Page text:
Author: FlyOn97 PM
My heart hammers in my chest. Fire trails down my spine. My shoulders contort, my back stretches, my face breaks... I fight him. I struggle. I rage. And still I am being taken. My sight fades. The sharp tang of blood is an endless. The world around me is nothing but the black of my own insanity and I am dying. And then running. Running and running and running and, then, red.Rated: Fiction K+ - English - Fantasy/Suspense - Chapters: 16 - Words: 45,427 - Reviews: 1 - Updated: 02-08-13 - Published: 08-19-12 - id: 3051810
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I woke up in my domed tent, wrapped comfortably in my blankets, though the air was like ice. I rested there for a while, letting the reeling in my head catch up with my life. So much had changed so fast.
Senrid was lying on the ground next to my bed. He had borrowed a couple of blankets off of my excessive pile and slept on the ground. He was not awake, breathing rhythmically in his deep sleep. He looked peaceful.
I decided then, that no matter what Senrid had done to hurt or confuse me, that I genuinely liked him. He was a good person at heart, if a bit awkward on the outside, but a good person with honest intentions. Fate had brought us together. It was only fair not to ignore it.
Senrid woke after a while, stirring fuzzily in his sleep before sitting up and rubbing his eyes.
"Are you as hungry as I am?" he asked, his eyes almost comically drooped and bloodshot.
I nodded my confirmation.
Senrid got up, handed me my cloak from the floor, put on his own, and pushed back the tent flap. We found the sky grey and overcast and that it had snowed heavily while we were sleeping, adding a foot of powdery white fluff to the frozen two inches.
"What I wouldn't give for a pair of shoes right now. . ." I heard Senrid mutter.
The snow was cold and colder still when it stuck to my feet and melted into little droplets of water. I did my best to ignore it and trudged after Senrid.
The camp had changed during the night. The first thing I noticed was the noise. Where silence and gloom had dominated on my first visit, people now talked and moved around, giving the camp a refreshing sense of life. I could hear laughter and the clangs of tools and equipment and people talking. There was an acrid tinge of wood smoke clinging to the still air and I could smell something cooking. My stomach rumbled hungrily.
I found myself smiling. Grinning, really. It was good to smile.
Senrid was giving me a suspicious look. "What are you doing?"
I stopped, self conscious. "I am just. . ."I took a deep breath of the sharp air, "happy to be alive."
Senrid gave me a flashing grin of shiny white teeth. A legitimate grin, not the evil smirk that I had thus far received. "Me too."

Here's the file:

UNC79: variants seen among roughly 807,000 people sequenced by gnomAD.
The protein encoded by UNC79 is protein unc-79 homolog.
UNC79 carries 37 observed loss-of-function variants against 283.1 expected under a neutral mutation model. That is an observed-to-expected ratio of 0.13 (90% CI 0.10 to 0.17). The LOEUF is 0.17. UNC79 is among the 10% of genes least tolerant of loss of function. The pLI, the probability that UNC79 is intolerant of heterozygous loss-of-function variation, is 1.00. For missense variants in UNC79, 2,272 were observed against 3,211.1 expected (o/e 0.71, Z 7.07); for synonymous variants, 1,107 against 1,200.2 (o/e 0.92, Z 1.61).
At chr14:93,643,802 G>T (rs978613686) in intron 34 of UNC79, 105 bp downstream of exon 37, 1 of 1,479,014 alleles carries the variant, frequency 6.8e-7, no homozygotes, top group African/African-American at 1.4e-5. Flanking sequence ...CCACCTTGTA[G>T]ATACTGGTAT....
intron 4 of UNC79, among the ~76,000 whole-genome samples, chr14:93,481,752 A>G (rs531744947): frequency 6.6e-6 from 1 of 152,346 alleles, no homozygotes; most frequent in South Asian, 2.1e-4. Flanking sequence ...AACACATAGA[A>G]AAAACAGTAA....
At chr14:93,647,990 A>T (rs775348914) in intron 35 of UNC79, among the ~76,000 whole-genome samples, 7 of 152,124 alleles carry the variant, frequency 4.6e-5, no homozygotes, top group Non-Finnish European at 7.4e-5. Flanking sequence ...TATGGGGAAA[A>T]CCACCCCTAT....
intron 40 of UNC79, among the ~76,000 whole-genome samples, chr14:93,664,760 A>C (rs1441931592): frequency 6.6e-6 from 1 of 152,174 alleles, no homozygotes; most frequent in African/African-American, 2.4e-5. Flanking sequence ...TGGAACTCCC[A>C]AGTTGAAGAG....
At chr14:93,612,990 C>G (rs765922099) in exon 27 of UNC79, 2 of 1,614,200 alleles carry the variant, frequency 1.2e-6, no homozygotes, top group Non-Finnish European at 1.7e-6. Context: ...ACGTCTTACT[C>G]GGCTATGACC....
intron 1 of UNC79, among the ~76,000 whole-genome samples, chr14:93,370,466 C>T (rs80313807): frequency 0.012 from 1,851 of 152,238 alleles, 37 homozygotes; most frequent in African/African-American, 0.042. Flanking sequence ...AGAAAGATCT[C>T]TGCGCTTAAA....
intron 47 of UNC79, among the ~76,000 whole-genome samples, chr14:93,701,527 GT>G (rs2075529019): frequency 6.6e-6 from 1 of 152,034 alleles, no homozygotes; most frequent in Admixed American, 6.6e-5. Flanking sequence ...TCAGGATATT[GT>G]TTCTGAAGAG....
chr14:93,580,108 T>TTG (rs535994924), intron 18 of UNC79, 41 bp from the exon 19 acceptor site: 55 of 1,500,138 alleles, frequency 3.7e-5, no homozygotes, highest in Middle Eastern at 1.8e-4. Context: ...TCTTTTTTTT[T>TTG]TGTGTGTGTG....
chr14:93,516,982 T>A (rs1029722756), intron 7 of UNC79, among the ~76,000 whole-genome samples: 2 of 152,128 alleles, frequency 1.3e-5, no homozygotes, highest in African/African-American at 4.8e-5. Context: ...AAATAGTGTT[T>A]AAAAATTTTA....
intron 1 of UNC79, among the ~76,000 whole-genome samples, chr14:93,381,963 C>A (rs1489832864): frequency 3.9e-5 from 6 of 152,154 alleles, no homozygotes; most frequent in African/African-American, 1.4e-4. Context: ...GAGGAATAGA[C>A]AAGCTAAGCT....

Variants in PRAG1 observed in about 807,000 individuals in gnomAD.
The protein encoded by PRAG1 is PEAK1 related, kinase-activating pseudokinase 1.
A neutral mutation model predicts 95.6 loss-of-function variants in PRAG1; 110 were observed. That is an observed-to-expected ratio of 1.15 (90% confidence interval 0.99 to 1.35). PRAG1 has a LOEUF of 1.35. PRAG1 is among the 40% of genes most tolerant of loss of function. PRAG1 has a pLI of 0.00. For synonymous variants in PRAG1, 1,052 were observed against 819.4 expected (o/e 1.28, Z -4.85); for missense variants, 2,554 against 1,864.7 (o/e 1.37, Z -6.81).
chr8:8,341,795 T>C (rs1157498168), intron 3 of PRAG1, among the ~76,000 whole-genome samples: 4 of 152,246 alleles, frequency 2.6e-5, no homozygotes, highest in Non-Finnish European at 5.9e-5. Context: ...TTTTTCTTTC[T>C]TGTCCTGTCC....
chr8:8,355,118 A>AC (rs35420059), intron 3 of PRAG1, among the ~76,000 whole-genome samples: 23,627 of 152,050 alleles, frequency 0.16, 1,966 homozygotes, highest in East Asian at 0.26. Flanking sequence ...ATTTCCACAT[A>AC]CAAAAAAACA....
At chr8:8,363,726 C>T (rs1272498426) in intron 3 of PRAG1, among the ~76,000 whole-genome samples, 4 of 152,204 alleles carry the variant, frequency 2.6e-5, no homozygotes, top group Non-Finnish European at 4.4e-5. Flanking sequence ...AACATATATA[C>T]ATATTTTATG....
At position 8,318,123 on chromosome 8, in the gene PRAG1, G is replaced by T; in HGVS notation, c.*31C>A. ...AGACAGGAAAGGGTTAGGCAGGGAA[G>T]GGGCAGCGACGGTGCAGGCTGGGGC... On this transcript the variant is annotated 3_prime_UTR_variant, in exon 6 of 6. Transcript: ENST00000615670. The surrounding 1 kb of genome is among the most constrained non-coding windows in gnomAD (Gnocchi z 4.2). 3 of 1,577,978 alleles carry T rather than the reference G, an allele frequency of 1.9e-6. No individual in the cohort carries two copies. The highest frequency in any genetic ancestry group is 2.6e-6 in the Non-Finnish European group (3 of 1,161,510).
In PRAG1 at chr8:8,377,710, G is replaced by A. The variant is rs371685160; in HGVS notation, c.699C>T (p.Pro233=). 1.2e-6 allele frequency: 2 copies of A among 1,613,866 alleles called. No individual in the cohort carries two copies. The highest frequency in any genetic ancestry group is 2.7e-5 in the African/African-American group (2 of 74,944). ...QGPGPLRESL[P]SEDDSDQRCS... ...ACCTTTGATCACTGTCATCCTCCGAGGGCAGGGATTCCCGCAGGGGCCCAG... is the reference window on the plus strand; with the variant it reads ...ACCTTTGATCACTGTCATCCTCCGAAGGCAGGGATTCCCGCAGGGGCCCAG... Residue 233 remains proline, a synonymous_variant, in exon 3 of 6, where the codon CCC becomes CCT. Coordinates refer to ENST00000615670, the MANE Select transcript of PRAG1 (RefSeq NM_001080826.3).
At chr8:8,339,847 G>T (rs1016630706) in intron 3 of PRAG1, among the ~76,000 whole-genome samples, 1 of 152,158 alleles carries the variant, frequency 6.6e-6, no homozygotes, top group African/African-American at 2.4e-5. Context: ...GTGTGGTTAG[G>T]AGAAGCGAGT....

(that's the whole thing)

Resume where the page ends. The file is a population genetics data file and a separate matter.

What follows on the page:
Senrid walked me to the source of the cooking smell, Ollo's pot, where we found hot broth with big vegetable chunks and a cup of warm tea.
I felt half starved and Senrid and I found a spot under some trees where the snow was not quite as thick.
We did not speak a word as we hungrily devoured our meals. I ignored the scorching I was inflicting on my tongue, and spooned mouthful after mouthful of the stew into my mouth, downing the tea in between bites.
Almost instantly I felt stronger. I sighed in contentment and sipped the rest of my tea, hoping to make it last.
We sat for a few minutes, our noses and cheeks red from the cold. I smelled the air, thick with the tang of pine needles and wet earth.
Senrid stood and brushed snow and dirt off of his pants. "How would you like to see camp, Dheul?" he asked.
"There is more?" I asked.
"Isn't there always?" he asked. We took our dishes back to Ollo, thanked him, and began making our way.
"Where are we going first?" I asked Senrid as we walked through the snow.
He shrugged amiably. "What would you like to see?"
I thought of the few places I had seen so far. "What about the bonfire? Is it still burning?"
"Let's find out."
The tents were scattered around the clearing in a chaotic haphazard fashion and Senrid and I did a lot of avoiding campfires and hazardous objects, some half buried in snow.
The bonfire was toward the center of camp in an area that looked to be set aside for just such an occasion as the one that had occurred the night before. Tents were set to give it a little bit of leeway. It was not burning and portions of it were beginning to compile snow, but stream and smoke still billowed from the depths of black coals.